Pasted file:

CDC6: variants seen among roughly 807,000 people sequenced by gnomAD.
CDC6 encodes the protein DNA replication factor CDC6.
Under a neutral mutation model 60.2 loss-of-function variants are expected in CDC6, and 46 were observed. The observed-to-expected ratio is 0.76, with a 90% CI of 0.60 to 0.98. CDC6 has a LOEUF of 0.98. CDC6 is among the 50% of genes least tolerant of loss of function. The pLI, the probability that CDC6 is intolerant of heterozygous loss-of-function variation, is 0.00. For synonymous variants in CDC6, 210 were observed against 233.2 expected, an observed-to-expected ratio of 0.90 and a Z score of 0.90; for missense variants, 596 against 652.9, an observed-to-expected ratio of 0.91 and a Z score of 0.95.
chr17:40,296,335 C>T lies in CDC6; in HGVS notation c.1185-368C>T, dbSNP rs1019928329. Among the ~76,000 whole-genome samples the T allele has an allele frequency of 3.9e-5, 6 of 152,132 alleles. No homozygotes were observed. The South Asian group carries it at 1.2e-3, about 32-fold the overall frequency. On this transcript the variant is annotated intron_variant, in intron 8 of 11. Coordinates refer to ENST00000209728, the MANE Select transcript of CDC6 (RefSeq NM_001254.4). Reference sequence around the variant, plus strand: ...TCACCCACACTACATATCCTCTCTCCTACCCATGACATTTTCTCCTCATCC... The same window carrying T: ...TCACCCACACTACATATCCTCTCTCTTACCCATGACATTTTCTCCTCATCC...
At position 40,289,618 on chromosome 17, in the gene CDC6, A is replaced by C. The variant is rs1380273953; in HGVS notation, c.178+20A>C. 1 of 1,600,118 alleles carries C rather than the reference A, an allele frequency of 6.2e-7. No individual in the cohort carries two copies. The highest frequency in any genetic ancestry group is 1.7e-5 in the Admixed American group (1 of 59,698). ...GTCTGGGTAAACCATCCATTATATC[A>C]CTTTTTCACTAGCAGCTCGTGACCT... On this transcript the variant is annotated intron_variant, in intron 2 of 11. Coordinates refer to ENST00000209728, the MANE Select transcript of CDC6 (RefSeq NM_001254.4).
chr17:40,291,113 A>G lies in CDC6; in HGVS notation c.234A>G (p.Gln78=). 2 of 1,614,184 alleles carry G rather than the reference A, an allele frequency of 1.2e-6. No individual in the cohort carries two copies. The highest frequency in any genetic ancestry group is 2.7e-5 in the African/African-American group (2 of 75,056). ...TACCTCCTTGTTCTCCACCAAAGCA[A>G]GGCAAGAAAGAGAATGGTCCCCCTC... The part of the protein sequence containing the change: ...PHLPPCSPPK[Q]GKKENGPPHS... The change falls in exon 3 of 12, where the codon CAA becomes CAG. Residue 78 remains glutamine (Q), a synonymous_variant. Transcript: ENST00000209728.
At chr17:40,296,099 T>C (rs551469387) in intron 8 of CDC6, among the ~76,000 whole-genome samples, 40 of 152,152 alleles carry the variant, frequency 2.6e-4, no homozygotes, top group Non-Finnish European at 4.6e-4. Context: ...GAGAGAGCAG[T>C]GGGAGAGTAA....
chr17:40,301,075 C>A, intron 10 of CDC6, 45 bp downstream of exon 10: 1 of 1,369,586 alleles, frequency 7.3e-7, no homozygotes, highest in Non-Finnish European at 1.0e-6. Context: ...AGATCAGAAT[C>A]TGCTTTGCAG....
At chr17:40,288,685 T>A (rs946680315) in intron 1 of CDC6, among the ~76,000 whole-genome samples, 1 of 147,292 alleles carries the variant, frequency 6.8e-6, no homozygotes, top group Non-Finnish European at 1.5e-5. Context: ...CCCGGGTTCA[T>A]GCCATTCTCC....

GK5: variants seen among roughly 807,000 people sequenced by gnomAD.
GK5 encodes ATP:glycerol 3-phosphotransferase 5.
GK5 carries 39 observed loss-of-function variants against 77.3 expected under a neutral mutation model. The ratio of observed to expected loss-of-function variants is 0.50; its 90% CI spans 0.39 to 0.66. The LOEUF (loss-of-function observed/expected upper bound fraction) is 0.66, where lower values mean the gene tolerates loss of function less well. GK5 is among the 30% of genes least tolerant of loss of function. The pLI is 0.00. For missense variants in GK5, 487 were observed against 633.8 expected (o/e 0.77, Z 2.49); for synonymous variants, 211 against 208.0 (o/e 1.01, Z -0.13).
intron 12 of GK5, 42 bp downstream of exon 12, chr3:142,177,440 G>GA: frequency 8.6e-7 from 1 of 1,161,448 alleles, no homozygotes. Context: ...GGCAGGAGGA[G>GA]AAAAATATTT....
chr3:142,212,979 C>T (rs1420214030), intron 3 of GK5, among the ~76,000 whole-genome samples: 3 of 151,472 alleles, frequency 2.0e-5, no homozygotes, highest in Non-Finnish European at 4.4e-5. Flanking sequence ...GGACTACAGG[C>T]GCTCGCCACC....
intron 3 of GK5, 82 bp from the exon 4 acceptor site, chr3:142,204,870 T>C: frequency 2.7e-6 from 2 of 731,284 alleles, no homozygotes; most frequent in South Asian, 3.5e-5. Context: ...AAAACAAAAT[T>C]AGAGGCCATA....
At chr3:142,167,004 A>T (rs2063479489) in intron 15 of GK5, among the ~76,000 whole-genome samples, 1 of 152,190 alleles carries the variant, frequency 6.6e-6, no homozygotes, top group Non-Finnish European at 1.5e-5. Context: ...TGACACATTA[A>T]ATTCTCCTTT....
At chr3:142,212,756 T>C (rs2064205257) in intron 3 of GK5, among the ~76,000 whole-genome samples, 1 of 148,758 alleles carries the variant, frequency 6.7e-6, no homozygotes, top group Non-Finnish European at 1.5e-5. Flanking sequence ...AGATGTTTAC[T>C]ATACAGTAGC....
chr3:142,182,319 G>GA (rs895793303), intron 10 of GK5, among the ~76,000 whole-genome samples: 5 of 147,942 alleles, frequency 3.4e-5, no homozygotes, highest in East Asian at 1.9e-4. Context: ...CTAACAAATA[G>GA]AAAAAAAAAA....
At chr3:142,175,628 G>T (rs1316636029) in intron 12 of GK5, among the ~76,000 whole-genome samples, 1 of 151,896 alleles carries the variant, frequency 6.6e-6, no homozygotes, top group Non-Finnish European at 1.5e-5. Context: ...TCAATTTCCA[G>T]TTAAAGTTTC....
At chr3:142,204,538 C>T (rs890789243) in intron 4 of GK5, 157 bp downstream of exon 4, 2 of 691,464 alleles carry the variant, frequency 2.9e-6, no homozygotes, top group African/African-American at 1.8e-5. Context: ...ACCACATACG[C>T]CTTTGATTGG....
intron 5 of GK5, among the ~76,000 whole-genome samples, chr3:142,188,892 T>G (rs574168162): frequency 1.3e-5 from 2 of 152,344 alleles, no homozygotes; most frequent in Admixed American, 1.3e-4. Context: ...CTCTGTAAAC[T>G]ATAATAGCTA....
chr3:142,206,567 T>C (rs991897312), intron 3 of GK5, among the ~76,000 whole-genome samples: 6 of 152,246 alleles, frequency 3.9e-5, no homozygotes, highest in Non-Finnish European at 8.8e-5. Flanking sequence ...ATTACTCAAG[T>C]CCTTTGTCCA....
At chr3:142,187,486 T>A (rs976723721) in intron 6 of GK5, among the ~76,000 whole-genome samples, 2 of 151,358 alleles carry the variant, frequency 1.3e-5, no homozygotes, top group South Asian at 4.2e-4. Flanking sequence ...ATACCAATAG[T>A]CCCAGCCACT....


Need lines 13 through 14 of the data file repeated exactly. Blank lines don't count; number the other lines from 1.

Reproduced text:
intron 12 of GK5, 42 bp downstream of exon 12, chr3:142,177,440 G>GA: frequency 8.6e-7 from 1 of 1,161,448 alleles, no homozygotes. Context: ...GGCAGGAGGA[G>GA]AAAAATATTT....
chr3:142,212,979 C>T (rs1420214030), intron 3 of GK5, among the ~76,000 whole-genome samples: 3 of 151,472 alleles, frequency 2.0e-5, no homozygotes, highest in Non-Finnish European at 4.4e-5. Flanking sequence ...GGACTACAGG[C>T]GCTCGCCACC....